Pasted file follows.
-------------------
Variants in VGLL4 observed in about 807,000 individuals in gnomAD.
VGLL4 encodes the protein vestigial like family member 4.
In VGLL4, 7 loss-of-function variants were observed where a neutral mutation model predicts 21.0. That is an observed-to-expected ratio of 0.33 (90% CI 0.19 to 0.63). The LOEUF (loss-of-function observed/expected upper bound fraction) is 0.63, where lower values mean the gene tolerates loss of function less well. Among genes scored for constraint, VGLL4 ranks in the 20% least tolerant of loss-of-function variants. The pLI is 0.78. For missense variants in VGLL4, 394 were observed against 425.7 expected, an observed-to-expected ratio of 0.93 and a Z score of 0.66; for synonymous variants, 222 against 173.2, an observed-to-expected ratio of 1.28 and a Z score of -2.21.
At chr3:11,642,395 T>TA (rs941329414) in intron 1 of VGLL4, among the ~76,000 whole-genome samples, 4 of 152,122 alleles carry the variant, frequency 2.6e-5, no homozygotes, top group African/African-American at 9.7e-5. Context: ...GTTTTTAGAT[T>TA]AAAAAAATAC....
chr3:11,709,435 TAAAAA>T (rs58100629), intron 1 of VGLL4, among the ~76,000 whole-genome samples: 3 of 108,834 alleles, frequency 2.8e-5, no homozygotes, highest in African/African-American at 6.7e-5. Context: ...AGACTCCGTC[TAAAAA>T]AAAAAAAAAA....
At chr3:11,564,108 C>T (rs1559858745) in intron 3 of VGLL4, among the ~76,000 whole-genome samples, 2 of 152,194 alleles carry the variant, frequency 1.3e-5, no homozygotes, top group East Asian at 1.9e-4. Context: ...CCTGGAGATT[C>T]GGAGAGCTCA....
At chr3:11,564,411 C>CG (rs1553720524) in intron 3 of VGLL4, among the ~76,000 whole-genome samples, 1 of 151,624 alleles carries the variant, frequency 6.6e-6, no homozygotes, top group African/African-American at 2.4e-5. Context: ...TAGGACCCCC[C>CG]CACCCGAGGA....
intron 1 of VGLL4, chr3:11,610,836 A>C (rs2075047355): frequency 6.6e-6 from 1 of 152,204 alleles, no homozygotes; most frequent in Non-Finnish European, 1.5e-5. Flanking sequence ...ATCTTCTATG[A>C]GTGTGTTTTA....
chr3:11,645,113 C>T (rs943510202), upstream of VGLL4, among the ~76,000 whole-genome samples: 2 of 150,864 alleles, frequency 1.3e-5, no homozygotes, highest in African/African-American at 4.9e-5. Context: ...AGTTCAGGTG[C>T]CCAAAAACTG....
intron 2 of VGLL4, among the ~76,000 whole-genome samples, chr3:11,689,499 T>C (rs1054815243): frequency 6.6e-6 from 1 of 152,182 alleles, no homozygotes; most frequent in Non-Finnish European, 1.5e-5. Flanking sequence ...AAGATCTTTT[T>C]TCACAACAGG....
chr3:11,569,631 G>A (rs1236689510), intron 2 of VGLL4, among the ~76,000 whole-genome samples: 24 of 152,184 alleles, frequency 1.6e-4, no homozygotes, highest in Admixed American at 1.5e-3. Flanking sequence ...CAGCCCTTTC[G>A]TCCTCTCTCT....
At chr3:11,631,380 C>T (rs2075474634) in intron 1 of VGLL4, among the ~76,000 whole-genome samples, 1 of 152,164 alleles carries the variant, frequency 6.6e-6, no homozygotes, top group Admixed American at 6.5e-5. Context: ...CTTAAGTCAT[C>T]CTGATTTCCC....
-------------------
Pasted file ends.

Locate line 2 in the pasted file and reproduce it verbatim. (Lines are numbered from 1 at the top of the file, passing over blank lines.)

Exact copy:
VGLL4 encodes the protein vestigial like family member 4.